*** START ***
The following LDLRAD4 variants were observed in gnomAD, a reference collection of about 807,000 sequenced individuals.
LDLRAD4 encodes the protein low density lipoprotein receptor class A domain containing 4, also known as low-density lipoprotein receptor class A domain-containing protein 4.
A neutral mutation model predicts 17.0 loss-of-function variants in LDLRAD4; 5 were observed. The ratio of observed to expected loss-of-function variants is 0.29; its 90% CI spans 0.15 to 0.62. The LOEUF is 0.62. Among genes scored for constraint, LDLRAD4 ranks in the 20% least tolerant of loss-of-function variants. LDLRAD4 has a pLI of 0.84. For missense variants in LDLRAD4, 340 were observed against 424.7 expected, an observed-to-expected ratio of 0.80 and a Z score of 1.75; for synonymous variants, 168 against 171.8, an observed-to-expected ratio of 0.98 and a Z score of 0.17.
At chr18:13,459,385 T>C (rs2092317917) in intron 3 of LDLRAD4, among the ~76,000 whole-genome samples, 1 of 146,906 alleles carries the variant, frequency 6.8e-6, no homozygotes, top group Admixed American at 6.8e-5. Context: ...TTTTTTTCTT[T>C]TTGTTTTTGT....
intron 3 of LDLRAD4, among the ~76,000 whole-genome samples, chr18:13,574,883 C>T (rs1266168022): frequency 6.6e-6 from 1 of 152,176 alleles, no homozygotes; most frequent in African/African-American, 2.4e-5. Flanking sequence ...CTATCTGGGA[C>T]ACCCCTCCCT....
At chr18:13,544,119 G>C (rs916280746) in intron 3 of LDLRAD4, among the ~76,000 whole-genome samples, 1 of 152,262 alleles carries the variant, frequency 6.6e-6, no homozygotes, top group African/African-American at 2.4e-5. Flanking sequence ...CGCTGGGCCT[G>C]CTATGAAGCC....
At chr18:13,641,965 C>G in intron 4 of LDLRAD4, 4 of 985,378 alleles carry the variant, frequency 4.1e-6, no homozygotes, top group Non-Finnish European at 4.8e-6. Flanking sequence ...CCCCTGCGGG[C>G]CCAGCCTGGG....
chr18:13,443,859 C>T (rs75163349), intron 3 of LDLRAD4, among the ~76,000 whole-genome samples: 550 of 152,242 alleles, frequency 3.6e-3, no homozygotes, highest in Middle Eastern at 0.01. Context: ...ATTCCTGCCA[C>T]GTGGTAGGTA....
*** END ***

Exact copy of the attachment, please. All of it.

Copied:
The following LDLRAD4 variants were observed in gnomAD, a reference collection of about 807,000 sequenced individuals.
LDLRAD4 encodes the protein low density lipoprotein receptor class A domain containing 4, also known as low-density lipoprotein receptor class A domain-containing protein 4.
A neutral mutation model predicts 17.0 loss-of-function variants in LDLRAD4; 5 were observed. The ratio of observed to expected loss-of-function variants is 0.29; its 90% CI spans 0.15 to 0.62. The LOEUF is 0.62. Among genes scored for constraint, LDLRAD4 ranks in the 20% least tolerant of loss-of-function variants. LDLRAD4 has a pLI of 0.84. For missense variants in LDLRAD4, 340 were observed against 424.7 expected, an observed-to-expected ratio of 0.80 and a Z score of 1.75; for synonymous variants, 168 against 171.8, an observed-to-expected ratio of 0.98 and a Z score of 0.17.
At chr18:13,459,385 T>C (rs2092317917) in intron 3 of LDLRAD4, among the ~76,000 whole-genome samples, 1 of 146,906 alleles carries the variant, frequency 6.8e-6, no homozygotes, top group Admixed American at 6.8e-5. Context: ...TTTTTTTCTT[T>C]TTGTTTTTGT....
intron 3 of LDLRAD4, among the ~76,000 whole-genome samples, chr18:13,574,883 C>T (rs1266168022): frequency 6.6e-6 from 1 of 152,176 alleles, no homozygotes; most frequent in African/African-American, 2.4e-5. Flanking sequence ...CTATCTGGGA[C>T]ACCCCTCCCT....
At chr18:13,544,119 G>C (rs916280746) in intron 3 of LDLRAD4, among the ~76,000 whole-genome samples, 1 of 152,262 alleles carries the variant, frequency 6.6e-6, no homozygotes, top group African/African-American at 2.4e-5. Flanking sequence ...CGCTGGGCCT[G>C]CTATGAAGCC....
At chr18:13,641,965 C>G in intron 4 of LDLRAD4, 4 of 985,378 alleles carry the variant, frequency 4.1e-6, no homozygotes, top group Non-Finnish European at 4.8e-6. Flanking sequence ...CCCCTGCGGG[C>G]CCAGCCTGGG....
chr18:13,443,859 C>T (rs75163349), intron 3 of LDLRAD4, among the ~76,000 whole-genome samples: 550 of 152,242 alleles, frequency 3.6e-3, no homozygotes, highest in Middle Eastern at 0.01. Context: ...ATTCCTGCCA[C>T]GTGGTAGGTA....